Free Exhibit Highlights State Library and Archives' Vast Collection of Maps

Monday, May 11, 2015

In the movies, explorers consult well-weathered maps to aid them in their pursuit of hidden treasures. In historical research, though, the maps themselves often are the treasures.Maps provide clues not only about political boundaries and geographic features at various points in history, but also how people actually lived.

5pt;">Now through Sept. 12, a free exhibit showcasing some of the maps available at the Tennessee State Library and Archives (TSLA) is open in the lobby of TSLA's building in downtown Nashville.

TSLA has thousands of maps in its holdings, many of which are featured in the Tennessee Virtual Archives (TeVA) section of its web pages.To view the TeVA maps online, go to: http://tn.gov/tsla/TeVAsites/MapCollection/index.htm

TSLA has postal delivery maps so detailed that they include individual homes, churches, schools, stores, mills and cemeteries. TSLA's collections also include soil survey maps that denote minor topographical features such as streams, ridges and hollows.

Just as political boundaries have changed through the years, so, too, have some geographic features. For example, one of the maps on exhibit in TSLA's lobby shows Tennessee in 1822 - just a few years after the New Madrid earthquakes created West Tennessee's Reelfoot Lake.

TSLA also has numerous military maps, including an entire online section dedicated to those from the Civil War. Those maps can be viewed online at: http://tnmap.tn.gov/civilwar/

The lobby exhibit includes oversized replicas of maps on display boards, actual maps in display cases and an interactive touchscreen kiosk that allows patrons to explore Civil War sites mapped using Geographic Information System (GIS) technology..

"This new exhibit will give visitors to TSLA a small sampling of the vast number of maps that are available there," Secretary of State Tre Hargett said. "I encourage people to check out the exhibit while they're visiting TSLA. Those who can't make it to TSLA's building in downtown Nashville can inspect many of the maps on our website."

The exhibit is available for public viewing during TSLA's normal operating hours, which are from 8 a.m. until 4:30 p.m. Tuesdays through Saturdays.

TSLA's building is located at 403 Seventh Avenue North, directly west of the State Capitol in downtown Nashville. A limited amount of free parking is available around the building.


John S. Elder Was Early Settler At Ooltewah

The Elders were among Tennessee's earliest pioneers and were well acquainted with Davy Crockett. John S. Elder and his nephew, Robert S. Elder, made their way to Hamilton County at an early date. The family traces back to Samuel Elder, who in April 1796 paid $200 for 150 acres in the "County of Greene Territory of the United States of America South ... (click for more)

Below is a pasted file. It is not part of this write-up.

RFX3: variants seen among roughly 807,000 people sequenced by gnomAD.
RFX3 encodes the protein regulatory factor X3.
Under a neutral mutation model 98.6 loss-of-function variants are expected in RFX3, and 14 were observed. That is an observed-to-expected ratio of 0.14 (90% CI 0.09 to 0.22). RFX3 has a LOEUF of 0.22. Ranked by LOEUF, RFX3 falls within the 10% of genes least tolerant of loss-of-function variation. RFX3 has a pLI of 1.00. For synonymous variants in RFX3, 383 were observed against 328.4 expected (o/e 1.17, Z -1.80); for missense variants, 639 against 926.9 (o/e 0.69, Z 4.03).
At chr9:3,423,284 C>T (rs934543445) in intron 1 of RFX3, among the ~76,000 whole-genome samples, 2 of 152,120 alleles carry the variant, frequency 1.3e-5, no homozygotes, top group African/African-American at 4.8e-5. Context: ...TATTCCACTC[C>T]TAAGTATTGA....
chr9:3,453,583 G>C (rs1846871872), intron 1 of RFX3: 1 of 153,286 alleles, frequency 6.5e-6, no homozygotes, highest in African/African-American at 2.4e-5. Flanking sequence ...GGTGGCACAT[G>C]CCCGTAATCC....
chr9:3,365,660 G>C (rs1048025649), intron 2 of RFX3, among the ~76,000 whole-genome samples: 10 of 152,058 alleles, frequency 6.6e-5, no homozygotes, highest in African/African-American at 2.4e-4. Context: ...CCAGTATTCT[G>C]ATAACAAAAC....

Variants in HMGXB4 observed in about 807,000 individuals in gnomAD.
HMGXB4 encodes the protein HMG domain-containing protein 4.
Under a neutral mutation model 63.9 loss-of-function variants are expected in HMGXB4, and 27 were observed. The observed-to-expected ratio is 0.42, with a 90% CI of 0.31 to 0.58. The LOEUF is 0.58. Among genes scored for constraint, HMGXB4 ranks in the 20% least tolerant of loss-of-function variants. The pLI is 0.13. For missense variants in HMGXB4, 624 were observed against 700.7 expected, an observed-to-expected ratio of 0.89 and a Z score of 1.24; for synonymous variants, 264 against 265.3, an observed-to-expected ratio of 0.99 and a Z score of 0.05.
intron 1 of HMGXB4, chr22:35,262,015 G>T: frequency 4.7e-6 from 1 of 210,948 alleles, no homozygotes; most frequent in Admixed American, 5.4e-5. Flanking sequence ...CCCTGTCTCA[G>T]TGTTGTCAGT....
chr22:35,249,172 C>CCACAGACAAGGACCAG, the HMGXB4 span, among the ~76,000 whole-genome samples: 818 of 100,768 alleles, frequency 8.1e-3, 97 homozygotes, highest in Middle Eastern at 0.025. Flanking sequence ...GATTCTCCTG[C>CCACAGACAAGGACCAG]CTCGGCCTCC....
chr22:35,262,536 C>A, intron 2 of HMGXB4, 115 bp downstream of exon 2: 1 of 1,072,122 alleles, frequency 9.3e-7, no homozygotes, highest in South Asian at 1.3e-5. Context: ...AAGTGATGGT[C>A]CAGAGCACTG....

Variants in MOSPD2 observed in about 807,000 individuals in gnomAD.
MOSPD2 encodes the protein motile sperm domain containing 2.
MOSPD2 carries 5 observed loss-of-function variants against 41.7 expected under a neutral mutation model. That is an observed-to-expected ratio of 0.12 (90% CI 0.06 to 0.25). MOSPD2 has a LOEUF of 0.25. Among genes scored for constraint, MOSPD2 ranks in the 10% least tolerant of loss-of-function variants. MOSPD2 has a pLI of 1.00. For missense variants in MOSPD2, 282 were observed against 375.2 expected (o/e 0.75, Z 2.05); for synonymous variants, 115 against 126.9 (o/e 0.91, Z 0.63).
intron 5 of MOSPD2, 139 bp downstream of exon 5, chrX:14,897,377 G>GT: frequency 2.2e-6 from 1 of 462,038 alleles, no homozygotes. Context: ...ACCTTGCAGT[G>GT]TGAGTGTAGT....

The Elder Mountain Elders

The John Elders were early settlers at Ooltewah. Another family of Elders came to Chattanooga from Trenton, Tn. This family acquired a huge tract on Raccoon Mountain and renamed it Elder Mountain. These Elders included Leander Melville Elder, who was born in 1847 and graduated from Andrew College at Trenton. He then spent three years at the University of Virginia Law School before ... (click for more)

BlueCross Sells Huge Tract Along River For $8.1 Million

BlueCross BlueShield has sold a huge tract along the riverfront in Lupton City for $8.1 million. The purchaser is listed as Riverton LLC., 651 E. 4th St., Suite 403, Chattanooga. BlueCross had bought the 216-acre site in 2001 as a possible site for its corporate headquarters. However, it wound up building a $299 million campus on Cameron Hill instead. BlueCross started ... (click for more)

1 Person Injured In Duplex Fire In East Lake Wednesday Night

One person was injured when fire broke out in a duplex Wednesday night in East Lake. The Chattanooga Fire Department received the alarm at  11:53  p.m. on  Wednesday  and responded to the 4800 block of General Thomas Boulevard with several fire companies. When the first firefighters arrived on the scene, Captain Chris Cordes with Engine 9 said a significant ... (click for more)

Thank You, Dr. Martin Luther King, Jr.

Thank you, Dr. King for stepping-out.  Thank you for your lasting voice to what it's all about. Thank you, Dr. King for  stepping up and also showing-up, ...when decisions were being made and  your refusal  to shut-up.  We find your fingerprints on both directions and toward progress.  your modeling, mentoring,  and reactions helps ... (click for more)

Roy Exum: Kids Are Still Funny

I have never seen nor heard of a child actually getting one’s “head pinched off” but by modern-day standards the threat just switched in overdrive. There are children in our communities who haven’t been to school for six long days and the brutal temperatures drove the little darlings to inside where they most predictably stirred up all manner of mayhem. Back when I was in Elementary ... (click for more)